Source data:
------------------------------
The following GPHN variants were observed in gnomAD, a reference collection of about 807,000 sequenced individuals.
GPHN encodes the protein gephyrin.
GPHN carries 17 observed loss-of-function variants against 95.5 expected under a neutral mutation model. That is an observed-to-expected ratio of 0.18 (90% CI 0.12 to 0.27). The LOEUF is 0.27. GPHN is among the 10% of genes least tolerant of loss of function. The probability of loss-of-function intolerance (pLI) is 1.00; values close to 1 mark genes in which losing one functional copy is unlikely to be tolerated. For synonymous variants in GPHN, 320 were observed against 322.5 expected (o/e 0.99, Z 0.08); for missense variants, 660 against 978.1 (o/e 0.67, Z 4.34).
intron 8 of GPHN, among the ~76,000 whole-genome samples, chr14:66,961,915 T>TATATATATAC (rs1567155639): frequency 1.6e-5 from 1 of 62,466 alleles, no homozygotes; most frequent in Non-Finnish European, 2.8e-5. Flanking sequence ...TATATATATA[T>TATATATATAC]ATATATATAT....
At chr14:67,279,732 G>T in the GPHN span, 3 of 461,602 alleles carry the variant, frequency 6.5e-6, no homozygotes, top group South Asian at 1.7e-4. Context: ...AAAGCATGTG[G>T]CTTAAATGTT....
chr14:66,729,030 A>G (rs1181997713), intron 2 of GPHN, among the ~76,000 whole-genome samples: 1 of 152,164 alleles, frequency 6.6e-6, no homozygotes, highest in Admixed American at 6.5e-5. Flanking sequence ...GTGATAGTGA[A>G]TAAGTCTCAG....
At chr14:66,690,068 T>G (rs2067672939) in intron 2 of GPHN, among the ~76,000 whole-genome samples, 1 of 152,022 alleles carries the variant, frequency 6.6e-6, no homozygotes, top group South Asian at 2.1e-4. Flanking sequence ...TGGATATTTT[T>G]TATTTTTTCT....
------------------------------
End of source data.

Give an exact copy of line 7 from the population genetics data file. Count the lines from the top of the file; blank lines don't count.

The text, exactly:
At chr14:66,690,068 T>G (rs2067672939) in intron 2 of GPHN, among the ~76,000 whole-genome samples, 1 of 152,022 alleles carries the variant, frequency 6.6e-6, no homozygotes, top group South Asian at 2.1e-4. Flanking sequence ...TGGATATTTT[T>G]TATTTTTTCT....